Moving freight by rail is the most environmentally friendly mode of ground transport, with the average U.S. railroad moving one ton of freight 470 miles per gallon of fuel. A new type of railcar aims to further improve the industry’s footprint.
The more sustainable, open-topped railcars — known as gondolas — use a high-strength, lighter-weight steel developed by U.S. Steel, Norfolk Southern and The Greenbrier Companies that reduces each railcar’s unloaded weight by up to 15,000 pounds. Gondolas transport loose bulk material such as metal scraps, coils, wood chips, steel slabs and ore.
Norfolk Southern will initially acquire 800 of the railcars. Chairman and chief executive officer James Squires called them “a real revolution."
“Not only will each gondola carry more material, they will do so by using less energy, making our operations, and our customer's operations, even more environmentally friendly," Squires said in a statement. Once the new gondolas are in service, Norfolk plans to recycle the previous models, he added.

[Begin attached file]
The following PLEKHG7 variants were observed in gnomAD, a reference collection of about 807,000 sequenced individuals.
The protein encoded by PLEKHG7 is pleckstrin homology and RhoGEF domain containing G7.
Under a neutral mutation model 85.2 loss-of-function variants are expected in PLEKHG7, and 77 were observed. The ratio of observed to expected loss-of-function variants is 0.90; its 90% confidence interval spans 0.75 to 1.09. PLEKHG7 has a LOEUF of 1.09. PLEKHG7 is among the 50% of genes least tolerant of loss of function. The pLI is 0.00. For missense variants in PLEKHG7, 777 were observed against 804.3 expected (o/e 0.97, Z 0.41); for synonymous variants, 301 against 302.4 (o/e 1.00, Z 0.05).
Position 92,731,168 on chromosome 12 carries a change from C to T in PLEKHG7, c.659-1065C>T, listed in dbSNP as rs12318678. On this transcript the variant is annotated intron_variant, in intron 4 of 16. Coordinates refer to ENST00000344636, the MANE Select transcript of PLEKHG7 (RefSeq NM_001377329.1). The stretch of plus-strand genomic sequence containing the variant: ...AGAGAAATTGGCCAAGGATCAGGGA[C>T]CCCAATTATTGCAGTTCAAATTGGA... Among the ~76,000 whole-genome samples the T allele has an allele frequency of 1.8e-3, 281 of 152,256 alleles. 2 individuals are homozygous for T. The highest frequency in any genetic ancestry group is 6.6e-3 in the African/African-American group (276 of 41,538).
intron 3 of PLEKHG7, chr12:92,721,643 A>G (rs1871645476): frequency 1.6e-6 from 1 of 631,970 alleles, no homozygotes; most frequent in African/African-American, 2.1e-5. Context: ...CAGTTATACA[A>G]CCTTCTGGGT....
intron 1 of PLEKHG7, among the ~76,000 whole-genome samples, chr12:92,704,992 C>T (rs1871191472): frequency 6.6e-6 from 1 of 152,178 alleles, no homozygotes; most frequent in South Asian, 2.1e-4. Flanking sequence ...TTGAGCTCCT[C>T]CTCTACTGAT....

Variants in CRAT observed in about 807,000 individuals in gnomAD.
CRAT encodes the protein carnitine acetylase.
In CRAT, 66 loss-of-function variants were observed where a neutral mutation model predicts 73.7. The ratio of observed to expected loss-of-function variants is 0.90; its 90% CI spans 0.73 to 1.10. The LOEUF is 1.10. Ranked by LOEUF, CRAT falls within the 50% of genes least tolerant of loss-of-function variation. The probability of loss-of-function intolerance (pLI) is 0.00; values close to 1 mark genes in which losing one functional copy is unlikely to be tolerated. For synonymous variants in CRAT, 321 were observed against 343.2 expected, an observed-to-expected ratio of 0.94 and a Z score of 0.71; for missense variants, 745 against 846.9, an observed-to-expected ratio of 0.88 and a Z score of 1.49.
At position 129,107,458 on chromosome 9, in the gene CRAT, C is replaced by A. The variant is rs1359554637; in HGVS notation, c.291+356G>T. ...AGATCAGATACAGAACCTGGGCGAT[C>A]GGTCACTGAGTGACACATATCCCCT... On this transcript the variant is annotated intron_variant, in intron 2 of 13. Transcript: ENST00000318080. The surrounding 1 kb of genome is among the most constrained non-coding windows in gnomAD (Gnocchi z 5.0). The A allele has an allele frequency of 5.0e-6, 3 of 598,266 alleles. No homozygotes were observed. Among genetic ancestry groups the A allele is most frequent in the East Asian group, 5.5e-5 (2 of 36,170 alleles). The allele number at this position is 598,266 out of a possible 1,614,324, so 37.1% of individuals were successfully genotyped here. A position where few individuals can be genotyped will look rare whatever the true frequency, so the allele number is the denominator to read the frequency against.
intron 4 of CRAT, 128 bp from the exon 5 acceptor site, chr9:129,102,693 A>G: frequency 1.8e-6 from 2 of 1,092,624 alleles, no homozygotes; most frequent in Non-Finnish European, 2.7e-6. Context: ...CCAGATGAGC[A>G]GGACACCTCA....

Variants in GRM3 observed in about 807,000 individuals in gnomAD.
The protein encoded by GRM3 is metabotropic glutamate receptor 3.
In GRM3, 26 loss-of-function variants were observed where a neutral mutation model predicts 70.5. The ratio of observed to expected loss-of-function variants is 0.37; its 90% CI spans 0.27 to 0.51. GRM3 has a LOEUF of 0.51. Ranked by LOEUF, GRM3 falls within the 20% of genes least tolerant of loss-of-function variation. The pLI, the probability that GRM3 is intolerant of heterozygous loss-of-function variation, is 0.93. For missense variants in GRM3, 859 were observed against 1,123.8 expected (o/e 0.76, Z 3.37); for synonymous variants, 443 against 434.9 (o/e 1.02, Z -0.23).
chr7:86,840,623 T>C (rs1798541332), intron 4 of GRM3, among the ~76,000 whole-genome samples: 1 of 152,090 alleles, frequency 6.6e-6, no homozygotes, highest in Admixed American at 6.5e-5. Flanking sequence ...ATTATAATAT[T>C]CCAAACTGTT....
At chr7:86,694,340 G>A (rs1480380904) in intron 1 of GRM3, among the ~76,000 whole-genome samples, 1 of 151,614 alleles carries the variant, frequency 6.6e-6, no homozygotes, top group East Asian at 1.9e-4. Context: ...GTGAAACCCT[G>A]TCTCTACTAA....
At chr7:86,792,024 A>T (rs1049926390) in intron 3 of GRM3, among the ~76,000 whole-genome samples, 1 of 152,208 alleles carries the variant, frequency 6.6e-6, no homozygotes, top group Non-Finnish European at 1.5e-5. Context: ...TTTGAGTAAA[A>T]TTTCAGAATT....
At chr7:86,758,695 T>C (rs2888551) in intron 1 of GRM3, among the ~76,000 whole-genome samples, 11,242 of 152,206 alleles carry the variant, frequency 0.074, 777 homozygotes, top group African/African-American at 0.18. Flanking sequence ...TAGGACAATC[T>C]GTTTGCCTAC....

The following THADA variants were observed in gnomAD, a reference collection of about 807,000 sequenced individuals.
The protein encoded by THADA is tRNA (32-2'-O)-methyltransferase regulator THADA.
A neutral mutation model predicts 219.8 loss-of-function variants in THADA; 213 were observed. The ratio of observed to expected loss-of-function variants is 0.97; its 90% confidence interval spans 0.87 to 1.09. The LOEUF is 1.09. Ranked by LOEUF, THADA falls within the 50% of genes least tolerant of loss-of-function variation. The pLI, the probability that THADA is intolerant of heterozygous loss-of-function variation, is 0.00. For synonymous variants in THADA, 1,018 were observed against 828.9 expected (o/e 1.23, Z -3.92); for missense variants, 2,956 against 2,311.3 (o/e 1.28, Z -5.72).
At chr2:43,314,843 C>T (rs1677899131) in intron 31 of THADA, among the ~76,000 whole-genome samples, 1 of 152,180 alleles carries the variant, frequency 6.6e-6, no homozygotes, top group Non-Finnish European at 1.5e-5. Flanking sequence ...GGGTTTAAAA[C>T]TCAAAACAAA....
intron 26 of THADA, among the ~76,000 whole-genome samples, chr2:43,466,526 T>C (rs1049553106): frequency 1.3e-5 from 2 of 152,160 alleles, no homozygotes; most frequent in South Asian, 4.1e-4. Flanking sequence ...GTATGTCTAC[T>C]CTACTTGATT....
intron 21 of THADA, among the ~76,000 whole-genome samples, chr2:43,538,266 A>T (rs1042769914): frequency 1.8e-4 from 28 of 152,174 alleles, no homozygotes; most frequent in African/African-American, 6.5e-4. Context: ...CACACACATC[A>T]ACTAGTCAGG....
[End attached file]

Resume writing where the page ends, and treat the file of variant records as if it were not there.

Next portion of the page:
Railcar rendering by The Greenbrier Companies.
More benefits include:
Extended lifecycle. The new steel is twice as strong as traditional steel used in the railcar manufacturing process, potentially extending the useful life of each gondola to 50 years. A stronger external finish also strengthens the railcar body, lowering maintenance costs.
Increased sustainability. The new gondola is more energy-efficient, both during production and in use. The steel fabrication process requires less time, leading to improved energy efficiency due to less material being used. The lower weight decreases the fuel needed by locomotives hauling the railcars, reducing energy usage and lowering emissions.
Greater freight capacity. Enhancements to the gondola design also afford greater freight capacity. The high-strength steel requires less structural reinforcement, simplifying the manufacturing process and allowing more total cargo space in each railcar.
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